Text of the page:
dren, of Sparta; Mr. and Mrs. Glenn
Richardson and children, of Bel Air,
Md.; Mr. and Mrs. Albert Richard
son, of Sparta; Mr. and Mrs. Odell
Richardson and son, of Sylva, N. C.;
Mr. and Mrs. Wayne Richardson
Misses Ruby and Maude Richardson
Messrs. Woodrow and Arza Richard
In the evening a watermellon feasl
was enjoyed by all the family.
Senior Class 1933 Glade Valley High School
The Glade Valley High School will
open Tuesday, September 5 with the
following faculty in charge.
Rev. C. W. Ervin, principal and
teacher of English and Bible; Prof.
W. Clay Thompson, Science and
History; Miss Annie Belle Corry,
French and Mathematics; Miss Mar
garet Dowdle, Home Economics; Mrs.
Ellen Guerrant, Music and Dean of
girls; Mrs. E. B. Eldridge, Matron
and E. B. Eldridge, Superintendent
and Treasurer.
The regular fees have been reduced
on some items and as usual the
school is offering to worthy boys and
girls the self-help plan. With this
help a student is enabled to attend
with a very small outlay of money.
The school runs a book exchange sys
tem and text books are furnished for
only a small rental fee.
The school has recently had a do
nation of over one hundred, reference
i and other books, and the well equip
1 ped library now has over twenty-five
hundred volumes of well selected ref
erence, fiction and classical reading
material. The students have daily ac
cess to the library as regulated study
periods are arranged for each class.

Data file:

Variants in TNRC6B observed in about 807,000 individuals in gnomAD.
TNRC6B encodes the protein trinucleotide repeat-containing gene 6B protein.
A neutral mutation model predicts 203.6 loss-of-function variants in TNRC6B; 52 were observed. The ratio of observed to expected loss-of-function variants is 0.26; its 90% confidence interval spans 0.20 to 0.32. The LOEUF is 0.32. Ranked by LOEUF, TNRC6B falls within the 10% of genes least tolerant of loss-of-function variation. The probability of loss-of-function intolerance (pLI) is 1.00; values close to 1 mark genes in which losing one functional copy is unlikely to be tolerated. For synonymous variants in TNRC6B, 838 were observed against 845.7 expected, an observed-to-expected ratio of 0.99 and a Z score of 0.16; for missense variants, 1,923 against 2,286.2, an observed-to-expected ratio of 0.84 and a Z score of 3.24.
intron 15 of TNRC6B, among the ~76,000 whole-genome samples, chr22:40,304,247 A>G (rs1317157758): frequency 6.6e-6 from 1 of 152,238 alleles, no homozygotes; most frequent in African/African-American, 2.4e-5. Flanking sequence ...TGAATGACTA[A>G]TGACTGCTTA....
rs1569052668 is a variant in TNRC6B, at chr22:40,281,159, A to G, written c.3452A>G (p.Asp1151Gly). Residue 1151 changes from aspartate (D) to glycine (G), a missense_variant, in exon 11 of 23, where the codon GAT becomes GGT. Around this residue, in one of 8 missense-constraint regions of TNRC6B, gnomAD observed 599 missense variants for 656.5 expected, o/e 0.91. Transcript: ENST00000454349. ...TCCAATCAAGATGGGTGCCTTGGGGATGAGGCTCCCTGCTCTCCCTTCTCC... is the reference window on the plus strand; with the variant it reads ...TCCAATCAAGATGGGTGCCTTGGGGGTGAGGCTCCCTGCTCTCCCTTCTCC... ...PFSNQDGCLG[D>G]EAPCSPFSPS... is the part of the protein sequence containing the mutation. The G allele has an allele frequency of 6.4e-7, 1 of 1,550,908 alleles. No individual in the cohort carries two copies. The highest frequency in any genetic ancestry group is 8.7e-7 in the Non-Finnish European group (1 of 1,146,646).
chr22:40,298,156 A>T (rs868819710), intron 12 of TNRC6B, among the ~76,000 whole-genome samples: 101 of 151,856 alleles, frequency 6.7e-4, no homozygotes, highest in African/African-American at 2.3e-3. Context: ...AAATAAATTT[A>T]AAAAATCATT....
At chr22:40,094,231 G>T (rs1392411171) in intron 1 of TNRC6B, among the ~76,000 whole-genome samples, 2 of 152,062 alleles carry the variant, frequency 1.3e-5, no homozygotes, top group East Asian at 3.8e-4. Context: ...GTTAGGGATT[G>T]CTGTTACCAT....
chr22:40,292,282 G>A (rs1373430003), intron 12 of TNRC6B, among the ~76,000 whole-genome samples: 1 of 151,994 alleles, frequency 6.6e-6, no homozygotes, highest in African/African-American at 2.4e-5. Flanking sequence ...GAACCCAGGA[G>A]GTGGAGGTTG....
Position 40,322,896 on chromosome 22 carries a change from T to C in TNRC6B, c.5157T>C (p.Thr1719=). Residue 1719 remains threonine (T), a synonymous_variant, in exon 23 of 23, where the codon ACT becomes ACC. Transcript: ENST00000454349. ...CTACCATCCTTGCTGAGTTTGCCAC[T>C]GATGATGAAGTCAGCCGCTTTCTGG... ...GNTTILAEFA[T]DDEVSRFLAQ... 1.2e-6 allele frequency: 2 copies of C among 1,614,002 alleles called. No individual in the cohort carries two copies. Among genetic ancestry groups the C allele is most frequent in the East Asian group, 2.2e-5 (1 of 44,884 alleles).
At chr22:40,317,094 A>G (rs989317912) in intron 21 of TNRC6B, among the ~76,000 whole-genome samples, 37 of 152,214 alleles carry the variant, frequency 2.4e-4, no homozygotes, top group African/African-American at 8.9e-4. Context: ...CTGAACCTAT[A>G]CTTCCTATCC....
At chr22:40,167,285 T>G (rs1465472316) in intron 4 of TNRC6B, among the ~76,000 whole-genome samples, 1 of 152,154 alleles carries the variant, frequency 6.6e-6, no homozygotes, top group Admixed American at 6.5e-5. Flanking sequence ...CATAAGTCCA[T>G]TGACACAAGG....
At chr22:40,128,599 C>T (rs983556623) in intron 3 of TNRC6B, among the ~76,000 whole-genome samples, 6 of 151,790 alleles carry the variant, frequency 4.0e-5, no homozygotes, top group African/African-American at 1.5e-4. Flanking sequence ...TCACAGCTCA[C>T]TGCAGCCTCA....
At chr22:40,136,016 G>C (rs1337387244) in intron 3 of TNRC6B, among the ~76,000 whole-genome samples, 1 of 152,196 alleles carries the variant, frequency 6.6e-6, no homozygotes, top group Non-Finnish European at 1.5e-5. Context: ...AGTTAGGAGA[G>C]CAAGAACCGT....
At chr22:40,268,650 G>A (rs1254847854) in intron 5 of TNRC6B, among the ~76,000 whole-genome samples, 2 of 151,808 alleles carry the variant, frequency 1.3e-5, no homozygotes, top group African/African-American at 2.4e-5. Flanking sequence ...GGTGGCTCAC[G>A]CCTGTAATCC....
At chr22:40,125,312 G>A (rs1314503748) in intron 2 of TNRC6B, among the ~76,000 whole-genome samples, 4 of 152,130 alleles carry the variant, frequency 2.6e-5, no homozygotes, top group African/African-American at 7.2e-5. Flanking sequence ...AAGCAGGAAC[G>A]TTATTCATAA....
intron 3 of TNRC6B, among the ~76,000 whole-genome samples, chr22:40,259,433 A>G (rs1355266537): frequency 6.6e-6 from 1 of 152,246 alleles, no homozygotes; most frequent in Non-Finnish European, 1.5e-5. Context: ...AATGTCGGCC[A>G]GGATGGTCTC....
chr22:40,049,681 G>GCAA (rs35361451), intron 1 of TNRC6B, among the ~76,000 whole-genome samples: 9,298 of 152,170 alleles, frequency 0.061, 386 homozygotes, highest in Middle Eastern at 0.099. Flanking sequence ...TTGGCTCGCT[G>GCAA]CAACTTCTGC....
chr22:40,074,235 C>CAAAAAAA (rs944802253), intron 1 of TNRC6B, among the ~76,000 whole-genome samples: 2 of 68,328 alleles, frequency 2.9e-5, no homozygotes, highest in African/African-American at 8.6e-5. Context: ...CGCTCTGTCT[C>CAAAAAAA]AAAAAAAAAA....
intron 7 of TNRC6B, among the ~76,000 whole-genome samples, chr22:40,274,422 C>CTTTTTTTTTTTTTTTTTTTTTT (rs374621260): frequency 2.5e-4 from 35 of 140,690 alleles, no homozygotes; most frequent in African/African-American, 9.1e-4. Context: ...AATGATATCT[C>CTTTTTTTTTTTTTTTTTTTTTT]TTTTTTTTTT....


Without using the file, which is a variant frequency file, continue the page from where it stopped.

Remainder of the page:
The school has a well equipped
I Sewing Department with trained
teacher and girls desiring to take this
course will receive credit toward gra
duation and no extra fee is charged
for work done in this department.
In addition to regular high school
work pupils receive training in Glee
C ub, public speaking, debating, dra
matics and music. Those interested
are given special training in Chris
tian leadership as the programs of
the Christian Endeavor Society are
planned and conducted by the stu
dents under the direction of a facul
ty member. All these extras give the
graduates additional preparation for
their future work in college of chosen
vocations of life.
Mrs. Roosevelt Awards Prizes
To Contestants.
Grayson county was distinctly hon
ored Saturday by the attendance of
Mrs. Franklin D. Roosevelt at the
Whitetop Music Festival. Mrs. Roose
velt arrived at the scene of the fes
tival about 2 o’clock and remained
until near 5 o’clock. She traveled to
Whitetop from Abingdon, where her
train arrived, over a trail that hei
father often traveled forty years ago
when he had business interests in
that section.
Following her arrival, Mrs. Roose
velt and the others in her party were
taken straight to the summit of
Whitetop where they enjoyed the
view. She was then conducted to the
pavilion where contestants from Vir
ginia, West Virginia, Tennessee and
North Carolina vied for honors in